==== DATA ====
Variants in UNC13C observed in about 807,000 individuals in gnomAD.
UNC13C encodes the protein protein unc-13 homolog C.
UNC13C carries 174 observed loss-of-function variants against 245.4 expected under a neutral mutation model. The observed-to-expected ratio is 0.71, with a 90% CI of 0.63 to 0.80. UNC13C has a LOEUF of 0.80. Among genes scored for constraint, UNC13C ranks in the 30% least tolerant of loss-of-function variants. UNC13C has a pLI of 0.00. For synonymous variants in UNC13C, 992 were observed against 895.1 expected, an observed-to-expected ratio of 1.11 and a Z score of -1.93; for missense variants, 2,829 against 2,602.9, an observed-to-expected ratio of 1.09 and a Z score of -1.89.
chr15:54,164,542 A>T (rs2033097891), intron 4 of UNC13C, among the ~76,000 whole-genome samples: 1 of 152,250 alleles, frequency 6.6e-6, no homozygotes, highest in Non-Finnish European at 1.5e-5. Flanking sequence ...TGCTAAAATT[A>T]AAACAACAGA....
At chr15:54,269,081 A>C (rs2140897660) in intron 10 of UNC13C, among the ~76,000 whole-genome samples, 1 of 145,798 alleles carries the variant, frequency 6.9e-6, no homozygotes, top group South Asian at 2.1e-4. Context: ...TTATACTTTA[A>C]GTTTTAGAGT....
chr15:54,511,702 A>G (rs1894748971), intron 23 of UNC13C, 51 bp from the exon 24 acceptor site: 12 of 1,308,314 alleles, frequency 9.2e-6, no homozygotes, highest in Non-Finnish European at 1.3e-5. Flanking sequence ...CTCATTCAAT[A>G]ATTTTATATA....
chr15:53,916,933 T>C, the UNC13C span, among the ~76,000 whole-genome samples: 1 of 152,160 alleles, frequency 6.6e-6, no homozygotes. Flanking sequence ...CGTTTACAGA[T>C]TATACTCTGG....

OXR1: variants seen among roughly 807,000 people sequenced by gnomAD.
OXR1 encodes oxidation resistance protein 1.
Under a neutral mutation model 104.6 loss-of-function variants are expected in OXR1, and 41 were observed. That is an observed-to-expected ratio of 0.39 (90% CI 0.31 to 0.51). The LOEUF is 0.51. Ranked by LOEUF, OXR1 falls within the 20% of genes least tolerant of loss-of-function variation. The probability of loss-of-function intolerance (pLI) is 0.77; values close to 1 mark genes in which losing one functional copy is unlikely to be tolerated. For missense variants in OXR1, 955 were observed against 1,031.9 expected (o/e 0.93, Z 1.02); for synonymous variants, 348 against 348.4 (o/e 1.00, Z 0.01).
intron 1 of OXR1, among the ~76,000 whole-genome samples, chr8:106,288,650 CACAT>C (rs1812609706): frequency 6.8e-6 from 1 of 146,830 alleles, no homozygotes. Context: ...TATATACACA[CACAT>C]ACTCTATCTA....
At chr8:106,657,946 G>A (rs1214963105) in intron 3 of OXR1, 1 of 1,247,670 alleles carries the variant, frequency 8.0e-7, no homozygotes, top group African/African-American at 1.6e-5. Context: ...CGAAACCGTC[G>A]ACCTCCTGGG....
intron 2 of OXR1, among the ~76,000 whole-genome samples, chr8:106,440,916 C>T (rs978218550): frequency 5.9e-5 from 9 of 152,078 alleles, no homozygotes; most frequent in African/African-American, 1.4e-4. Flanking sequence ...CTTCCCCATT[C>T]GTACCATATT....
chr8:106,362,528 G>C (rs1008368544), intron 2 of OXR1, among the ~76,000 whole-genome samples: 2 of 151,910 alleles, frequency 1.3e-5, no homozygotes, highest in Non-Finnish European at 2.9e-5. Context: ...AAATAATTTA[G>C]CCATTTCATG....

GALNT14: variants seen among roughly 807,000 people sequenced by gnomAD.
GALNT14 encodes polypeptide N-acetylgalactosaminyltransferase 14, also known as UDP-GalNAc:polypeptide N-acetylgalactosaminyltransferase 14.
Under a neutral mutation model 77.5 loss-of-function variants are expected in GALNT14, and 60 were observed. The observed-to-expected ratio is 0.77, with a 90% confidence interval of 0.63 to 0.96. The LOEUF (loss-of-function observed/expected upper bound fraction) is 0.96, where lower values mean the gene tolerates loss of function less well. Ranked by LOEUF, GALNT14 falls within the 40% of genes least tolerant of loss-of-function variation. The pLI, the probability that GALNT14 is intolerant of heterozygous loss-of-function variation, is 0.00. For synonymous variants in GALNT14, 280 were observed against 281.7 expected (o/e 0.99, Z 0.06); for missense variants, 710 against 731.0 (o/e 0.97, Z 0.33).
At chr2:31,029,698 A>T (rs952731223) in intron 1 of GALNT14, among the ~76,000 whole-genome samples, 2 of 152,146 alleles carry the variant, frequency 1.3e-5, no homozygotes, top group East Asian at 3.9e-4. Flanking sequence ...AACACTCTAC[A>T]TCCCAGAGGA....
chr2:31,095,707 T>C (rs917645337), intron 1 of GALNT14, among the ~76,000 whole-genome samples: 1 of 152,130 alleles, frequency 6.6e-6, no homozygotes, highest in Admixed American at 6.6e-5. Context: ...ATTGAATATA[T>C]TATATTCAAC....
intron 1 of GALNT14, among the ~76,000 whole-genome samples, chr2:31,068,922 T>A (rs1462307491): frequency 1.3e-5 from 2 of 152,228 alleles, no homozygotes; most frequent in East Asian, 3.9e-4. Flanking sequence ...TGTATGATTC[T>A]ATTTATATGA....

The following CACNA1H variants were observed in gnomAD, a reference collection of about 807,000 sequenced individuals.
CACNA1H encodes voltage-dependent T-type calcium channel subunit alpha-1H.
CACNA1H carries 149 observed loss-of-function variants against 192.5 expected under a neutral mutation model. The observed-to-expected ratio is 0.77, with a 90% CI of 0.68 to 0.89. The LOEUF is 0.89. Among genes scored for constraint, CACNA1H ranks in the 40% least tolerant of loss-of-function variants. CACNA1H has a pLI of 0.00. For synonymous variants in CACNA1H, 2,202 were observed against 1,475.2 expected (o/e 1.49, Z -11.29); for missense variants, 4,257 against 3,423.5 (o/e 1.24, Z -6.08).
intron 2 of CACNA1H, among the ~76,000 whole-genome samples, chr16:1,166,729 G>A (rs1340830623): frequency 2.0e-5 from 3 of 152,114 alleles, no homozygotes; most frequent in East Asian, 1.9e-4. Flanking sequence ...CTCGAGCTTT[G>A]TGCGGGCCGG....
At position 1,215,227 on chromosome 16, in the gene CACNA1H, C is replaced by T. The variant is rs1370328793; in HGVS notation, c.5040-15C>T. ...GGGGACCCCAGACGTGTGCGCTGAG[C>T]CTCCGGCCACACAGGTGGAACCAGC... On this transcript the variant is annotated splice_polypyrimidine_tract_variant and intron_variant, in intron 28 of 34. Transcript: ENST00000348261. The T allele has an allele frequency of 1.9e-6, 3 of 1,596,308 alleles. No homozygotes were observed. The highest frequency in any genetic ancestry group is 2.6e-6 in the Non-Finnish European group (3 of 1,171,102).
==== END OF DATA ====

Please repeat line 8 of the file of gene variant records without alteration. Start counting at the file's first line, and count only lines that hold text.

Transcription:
OXR1: variants seen among roughly 807,000 people sequenced by gnomAD.